There is also the fact that most perpetrators of mass shootings are men, and many have prior histories of violence against women. It is critical that we address the cultural norm that equates masculinity with violence, and the misogyny, sexual assault, and domestic violence that remains rampant in our society. We cannot solve the problem of gun violence without seriously addressing these and other issues, too.

However, let these factors not distract us from the central issue: the guns. From Sutherland Springs to Sandy Hook, from Las Vegas to Aurora, from Virginia Tech to Columbine, the one thing all these mass shooting events have in common is guns. To end them, we have to deal with the guns.

Indeed, tragedies like these are a uniquely American horror. In no other industrialized nation besides ours do mass shooting events occur with the frequency and intensity they do here. The distinguishing factor is that those other countries have common-sense regulations on gun ownership, and we repeatedly fail to enact even the most basic of reforms.

Some will point to the fact that the “bad guy with a gun” in Sutherland Springs was ultimately stopped by a “good guy with a gun.” That individual is indeed a hero and undoubtedly saved many lives. But if the “bad guy” didn’t have a gun in the first place, there would have been no need for an armed good samaritan. Moreover, even when “good guys” have guns, bad things happen. A gun in the home is more likely to harm the people inside than it is to protect them. There is also a strong link between access to guns and gun deaths. Additionally, armed defense is not a guarantee of security, and dangerous people with access to weapons are, well, markedly more dangerous.

But we are not resigned to this fate. The Torah commands us to choose life (Deut. 30:19), insisting that it is in our power to create a society where everyone can go to school, attend church or synagogue, and enjoy their lives without having to fear random eruptions of violence, carried out with easily accessible weapons of war. It is time for us to end this scourge.

The biblical prophet Amos said that God will reject our prayers until we make “justice well up like water and righteousness like a mighty stream” (5:24). Let us then not only pray for the people of Sutherland Springs, Las Vegas, Orlando, Sandy Hook, and so many others whose lives have been shattered by gun violence. Let us demand justice and righteous change, for them, and for all the people of our land.

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Welcome Akiva Betzalel Knopf

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We are proud to announce that we have named our son Akiva Betzalel. With your indulgence, we’d be honored to share a little about the names we’ve chosen, and about Akiva’s namesakes.

The poet Carl Sandburg once said,  “A baby is God’s opinion that the world should go on.” Akiva Betzalel, we believe you are God’s stake in the future of our people and our world. We have given you your names to inspire, guide, and prepare you for that sacred purpose.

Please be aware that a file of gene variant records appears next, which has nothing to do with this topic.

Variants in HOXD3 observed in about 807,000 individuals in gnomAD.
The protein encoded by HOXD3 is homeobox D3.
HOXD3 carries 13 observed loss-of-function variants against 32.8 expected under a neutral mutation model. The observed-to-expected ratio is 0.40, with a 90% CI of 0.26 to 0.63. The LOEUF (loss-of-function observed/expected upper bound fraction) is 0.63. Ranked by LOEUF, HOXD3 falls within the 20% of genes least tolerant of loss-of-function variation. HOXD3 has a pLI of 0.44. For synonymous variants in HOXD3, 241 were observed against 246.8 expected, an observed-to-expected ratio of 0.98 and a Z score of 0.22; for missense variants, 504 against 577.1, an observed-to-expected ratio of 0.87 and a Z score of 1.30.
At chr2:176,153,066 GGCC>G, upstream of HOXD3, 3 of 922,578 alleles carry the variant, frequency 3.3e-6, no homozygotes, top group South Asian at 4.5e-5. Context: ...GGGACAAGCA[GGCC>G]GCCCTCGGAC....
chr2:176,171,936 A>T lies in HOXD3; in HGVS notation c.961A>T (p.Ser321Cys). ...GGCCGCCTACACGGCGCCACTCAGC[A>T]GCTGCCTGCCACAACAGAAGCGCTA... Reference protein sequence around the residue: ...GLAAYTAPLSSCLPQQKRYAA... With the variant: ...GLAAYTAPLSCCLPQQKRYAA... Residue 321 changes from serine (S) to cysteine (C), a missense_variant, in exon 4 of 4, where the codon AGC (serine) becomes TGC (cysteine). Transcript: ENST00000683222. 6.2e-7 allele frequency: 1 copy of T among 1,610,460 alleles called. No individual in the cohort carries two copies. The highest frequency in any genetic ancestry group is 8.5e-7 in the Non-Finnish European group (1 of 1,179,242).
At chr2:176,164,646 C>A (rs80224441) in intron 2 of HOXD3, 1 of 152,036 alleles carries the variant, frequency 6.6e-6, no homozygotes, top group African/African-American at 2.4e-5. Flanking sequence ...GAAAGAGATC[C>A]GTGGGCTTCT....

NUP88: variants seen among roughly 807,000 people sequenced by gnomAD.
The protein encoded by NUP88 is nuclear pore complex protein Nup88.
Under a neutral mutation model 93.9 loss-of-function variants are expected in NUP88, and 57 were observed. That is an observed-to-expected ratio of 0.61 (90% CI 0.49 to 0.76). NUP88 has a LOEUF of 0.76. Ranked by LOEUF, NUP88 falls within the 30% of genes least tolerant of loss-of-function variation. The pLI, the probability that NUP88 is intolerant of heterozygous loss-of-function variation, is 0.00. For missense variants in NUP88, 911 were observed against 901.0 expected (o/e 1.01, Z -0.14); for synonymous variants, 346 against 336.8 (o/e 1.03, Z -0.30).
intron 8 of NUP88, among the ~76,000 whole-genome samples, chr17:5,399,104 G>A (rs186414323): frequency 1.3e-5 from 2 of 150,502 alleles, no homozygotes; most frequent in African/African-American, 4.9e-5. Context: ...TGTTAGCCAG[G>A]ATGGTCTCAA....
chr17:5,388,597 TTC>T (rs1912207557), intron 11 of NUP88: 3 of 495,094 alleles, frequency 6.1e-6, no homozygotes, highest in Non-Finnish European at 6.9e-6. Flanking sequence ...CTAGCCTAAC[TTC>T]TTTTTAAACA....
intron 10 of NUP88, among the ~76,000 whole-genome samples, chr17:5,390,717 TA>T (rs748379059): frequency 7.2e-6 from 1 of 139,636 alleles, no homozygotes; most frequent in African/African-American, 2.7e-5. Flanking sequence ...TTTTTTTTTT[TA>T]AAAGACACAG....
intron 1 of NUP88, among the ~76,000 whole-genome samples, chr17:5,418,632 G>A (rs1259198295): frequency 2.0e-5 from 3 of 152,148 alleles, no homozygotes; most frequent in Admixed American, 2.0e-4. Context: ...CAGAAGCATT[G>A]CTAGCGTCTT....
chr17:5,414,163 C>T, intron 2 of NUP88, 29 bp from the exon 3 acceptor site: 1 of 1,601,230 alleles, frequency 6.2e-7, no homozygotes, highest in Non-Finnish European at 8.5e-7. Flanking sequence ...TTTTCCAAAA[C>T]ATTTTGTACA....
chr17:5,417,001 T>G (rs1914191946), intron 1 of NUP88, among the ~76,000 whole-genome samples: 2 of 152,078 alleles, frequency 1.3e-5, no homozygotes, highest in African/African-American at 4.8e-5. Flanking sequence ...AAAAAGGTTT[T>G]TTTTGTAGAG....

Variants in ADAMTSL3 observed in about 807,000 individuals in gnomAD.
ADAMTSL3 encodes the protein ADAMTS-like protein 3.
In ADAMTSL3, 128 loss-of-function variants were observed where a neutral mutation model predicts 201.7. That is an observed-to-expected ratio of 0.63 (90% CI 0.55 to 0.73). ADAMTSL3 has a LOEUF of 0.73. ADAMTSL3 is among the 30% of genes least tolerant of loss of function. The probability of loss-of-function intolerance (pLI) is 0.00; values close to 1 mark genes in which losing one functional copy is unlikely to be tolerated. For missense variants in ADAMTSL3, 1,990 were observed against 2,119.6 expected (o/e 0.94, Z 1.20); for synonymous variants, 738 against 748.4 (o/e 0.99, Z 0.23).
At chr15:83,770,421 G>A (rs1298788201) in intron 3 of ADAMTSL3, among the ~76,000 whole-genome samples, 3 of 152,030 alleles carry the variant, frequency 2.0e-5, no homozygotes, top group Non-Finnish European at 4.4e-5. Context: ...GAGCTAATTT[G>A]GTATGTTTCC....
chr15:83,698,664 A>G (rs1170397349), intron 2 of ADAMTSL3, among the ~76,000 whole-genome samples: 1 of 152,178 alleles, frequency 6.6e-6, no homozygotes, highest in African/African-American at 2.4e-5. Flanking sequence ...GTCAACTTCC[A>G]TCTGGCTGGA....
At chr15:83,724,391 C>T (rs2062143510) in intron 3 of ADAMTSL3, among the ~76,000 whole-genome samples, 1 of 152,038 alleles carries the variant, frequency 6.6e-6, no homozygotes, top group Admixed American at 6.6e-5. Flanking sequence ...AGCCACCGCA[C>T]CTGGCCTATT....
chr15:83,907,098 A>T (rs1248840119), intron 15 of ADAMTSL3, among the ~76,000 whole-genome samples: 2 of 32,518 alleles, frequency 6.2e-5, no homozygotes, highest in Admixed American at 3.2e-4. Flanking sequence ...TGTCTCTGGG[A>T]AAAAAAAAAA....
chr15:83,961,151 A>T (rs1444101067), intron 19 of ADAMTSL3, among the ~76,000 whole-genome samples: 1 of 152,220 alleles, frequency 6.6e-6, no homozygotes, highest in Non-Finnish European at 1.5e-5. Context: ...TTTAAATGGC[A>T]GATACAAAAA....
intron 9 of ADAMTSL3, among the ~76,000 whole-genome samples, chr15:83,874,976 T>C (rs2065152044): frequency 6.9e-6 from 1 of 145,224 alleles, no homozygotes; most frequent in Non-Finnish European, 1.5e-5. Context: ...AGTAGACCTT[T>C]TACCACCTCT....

First and foremost, it’s impossible to name a child Akiva Betzalel without evoking the most famous figures who have borne those names. And, indeed, we chose Akiva Betzalel because we deliberately wanted to link our son with those spiritual ancestors.

Akiva ben Yosef was among the greatest, and best known, of the ancient rabbis. The Talmud is quite literally filled with his teachings, maxims, and legal opinions. He reared many students, a number of whom subsequently became extraordinary sages themselves. No wonder the Talmud refers to Akiva as “Chief of the Sages.”

Of the qualities Rabbi Akiva embodied, we were most inspired by his passion for Torah and his resistance to tyranny: his determination to do what he saw as right, regardless of the consequences; his refusal to abandon his convictions, even in the face of great persecution.

The Talmud relates that, after the Bar Kokhba rebellion (a brave revolt against the evil empire of Rome that Akiva himself is reported to have supported), the Roman authorities forbade Jews from teaching, learning, and practicing Torah (B. B’rakhot 61b). Rabbi Akiva, however, continued to convene assemblies in public for Torah study. A colleague said to him, “Akiva, are you not afraid of the empire?” Akiva bravely answered, “More than I fear the Romans, I fear abandoning Torah.” I like to think he used these acts of civil disobedience to expound upon the verse he saw as the Torah’s greatest principle: “Love your neighbor as yourself.”

Ultimately, Akiva was arrested and executed by the Romans for his “crime” of teaching Torah. It is said that he was reciting the Shema during his execution, and that his soul left his body as he uttered the word “ehad,” one; fitting for a man who devoted his life to the notion that, above all, we are called to love each other.

Akiva, like your namesake, you have similarly been born into a world where evil is rampant, ascendant, powerful. These are dark times. They call for fulness of faith and courage of conviction; the determination to know right from wrong, good from evil, and to be steadfast in doing the right and good. Even if it is unpopular, even if there are negative consequences, we pray that you remain unafraid and undeterred.

As I taught just two days ago on Yom Kippur, our tradition, honoring your namesake’s legacy, demands we be “unyielding, uncompromising extremists for human dignity.” While we of course want you to be smart and safe about the ways you fight for what is right, we nevertheless pray that you live up to the sacred call of our tradition, as did your namesake.